Arlington, VA – Earlier this afternoon, the Senate Veterans Affairs Committee (SVAC) passed the VA Accountability and Whistleblower Protection Act of 2017, or S.1094, with minimal changes.
The VA Accountability and Whistleblower Protection Act of 2017 will reduce the time it takes to fire bad employees at the Department of Veterans Affairs (VA), give Secretary Shulkin the ability to recoup bonuses awarded to employees who are found to have engaged in misconduct, and reduce the pensions of VA employees found guilty of felonies related to their employment at the VA. The measure ensures that VA employees who are terminated will not remain on the VA payroll while appealing their terminations. The bill will also increase protections for whistleblowers to help ensure that they are not retaliated against for speaking up about wrongdoings at the department.
Concerned Veterans for America (CVA) Policy Director Dan Caldwell issued the following statement:
“We’re pleased to see that the VA Accountability and Whistleblower Protection Act was moved to the Senate floor with no changes and that committee members voted down amendments that would have undermined the intent of the bill. The Senate will now vote on strong, meaningful reform that will finally give Secretary Shulkin the power he needs to fire bad employees quickly. Senator Isakson should be commended for his hard work getting this measure passed. Veterans are now one step closer to receiving the quality of care they earned and deserve from the Department of Veterans Affairs, but the fight isn’t over yet.”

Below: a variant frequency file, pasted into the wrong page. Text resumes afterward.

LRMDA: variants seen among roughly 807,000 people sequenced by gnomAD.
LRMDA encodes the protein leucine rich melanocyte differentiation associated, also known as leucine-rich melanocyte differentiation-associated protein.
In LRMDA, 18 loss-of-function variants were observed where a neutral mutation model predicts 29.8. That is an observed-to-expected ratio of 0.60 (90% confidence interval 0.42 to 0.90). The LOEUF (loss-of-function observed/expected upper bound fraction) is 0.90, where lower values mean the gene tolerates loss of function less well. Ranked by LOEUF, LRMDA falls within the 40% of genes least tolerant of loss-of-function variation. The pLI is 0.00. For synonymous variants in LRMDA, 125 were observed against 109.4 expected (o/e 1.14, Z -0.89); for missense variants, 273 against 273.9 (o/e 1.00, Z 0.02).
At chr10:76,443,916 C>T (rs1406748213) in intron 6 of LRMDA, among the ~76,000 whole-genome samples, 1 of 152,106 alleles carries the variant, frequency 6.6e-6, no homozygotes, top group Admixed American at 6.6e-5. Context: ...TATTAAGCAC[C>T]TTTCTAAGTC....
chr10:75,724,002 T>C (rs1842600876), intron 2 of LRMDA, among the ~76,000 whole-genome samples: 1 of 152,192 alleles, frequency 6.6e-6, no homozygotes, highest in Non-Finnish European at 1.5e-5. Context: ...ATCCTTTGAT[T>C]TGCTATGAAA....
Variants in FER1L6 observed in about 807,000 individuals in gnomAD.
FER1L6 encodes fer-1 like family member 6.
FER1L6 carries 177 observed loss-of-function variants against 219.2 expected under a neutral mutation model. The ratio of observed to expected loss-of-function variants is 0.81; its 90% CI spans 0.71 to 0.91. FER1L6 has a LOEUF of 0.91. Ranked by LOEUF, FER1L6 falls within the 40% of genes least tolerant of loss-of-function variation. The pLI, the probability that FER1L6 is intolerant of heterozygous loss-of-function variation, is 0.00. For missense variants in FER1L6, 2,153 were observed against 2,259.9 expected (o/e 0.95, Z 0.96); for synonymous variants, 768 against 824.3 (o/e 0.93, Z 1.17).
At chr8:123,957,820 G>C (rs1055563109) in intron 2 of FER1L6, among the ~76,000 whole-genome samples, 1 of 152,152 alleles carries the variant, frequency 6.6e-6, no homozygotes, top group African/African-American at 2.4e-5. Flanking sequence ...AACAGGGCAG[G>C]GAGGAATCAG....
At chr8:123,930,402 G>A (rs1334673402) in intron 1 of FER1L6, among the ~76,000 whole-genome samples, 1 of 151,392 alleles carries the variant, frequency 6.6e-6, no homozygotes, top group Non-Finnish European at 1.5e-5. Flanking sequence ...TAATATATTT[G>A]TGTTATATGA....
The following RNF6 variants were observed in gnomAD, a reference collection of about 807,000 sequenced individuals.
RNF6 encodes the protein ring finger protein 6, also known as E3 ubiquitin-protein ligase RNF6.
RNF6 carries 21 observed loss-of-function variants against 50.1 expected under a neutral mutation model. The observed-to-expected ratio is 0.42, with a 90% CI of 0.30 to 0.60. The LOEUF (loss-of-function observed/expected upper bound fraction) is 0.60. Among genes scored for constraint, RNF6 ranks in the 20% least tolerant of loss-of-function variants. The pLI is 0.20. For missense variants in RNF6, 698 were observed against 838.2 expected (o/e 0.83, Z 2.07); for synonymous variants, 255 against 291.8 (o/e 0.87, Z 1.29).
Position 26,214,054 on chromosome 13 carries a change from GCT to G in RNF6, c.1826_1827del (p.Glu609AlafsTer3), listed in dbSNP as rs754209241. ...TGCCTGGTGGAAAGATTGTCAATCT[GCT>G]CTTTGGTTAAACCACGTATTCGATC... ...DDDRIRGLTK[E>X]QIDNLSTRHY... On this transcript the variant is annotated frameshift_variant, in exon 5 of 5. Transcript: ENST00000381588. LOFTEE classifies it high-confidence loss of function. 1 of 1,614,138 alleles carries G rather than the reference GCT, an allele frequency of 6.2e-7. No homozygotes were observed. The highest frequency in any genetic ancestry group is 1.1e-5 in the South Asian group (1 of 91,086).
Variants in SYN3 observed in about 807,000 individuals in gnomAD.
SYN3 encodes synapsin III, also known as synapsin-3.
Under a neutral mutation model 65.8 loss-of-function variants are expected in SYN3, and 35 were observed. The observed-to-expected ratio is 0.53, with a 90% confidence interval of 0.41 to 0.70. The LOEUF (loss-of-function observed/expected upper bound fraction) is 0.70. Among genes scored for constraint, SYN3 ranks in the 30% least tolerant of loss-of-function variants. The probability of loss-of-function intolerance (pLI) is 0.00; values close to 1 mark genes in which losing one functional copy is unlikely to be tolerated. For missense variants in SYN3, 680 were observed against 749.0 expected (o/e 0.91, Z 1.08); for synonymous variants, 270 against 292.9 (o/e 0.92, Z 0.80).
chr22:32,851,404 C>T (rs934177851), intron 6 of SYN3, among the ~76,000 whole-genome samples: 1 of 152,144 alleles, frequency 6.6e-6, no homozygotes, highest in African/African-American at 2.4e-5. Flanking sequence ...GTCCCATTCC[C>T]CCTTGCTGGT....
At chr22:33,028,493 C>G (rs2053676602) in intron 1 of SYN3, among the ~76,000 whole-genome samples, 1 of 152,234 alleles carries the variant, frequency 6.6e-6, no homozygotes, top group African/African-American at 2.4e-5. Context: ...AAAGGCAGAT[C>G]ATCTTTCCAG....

During the hearing today, several members of the committee – including Senators Patty Murray (D-WA), Sherrod Brown (D-OH), Richard Blumenthal (D-CT) – proposed amendments which would have watered the bill down significantly.
The American Federation of Government Employees (AFGE), the primary union for VA employees, is the primary opponent of S.1094. The group has consistently opposed commonsense and bipartisan bills which would introduce more accountability to the VA.
Recently, President Trump established a new Office of Accountability and Whistleblower Protection within the VA. Both the President and Secretary Shulkin have been outspoken about the need for Congress to pass strong legislation to make that new office as effective as possible. Secretary Shulkin recently issued a statement explicitly urging Congress to pass S.1094 without delay.
CVA is engaged in a nationwide grassroots effort to garner support of the VA Accountability and Whistleblower Protection Act. The group’s activists have made hundreds of thousands of calls and sent tens of thousands of emails to Senate offices in support of the bill. CVA is also running web ads in targeted Senate districts.
CVA also actively supported the VA Accountability First Act, an earlier version of the bill which was also introduced by Senator Marco Rubio (R-FL) in the spring. Many of CVA’s Senate targets during that effort are now cosponsors of the new VA Accountability and Whistleblower Protection Act.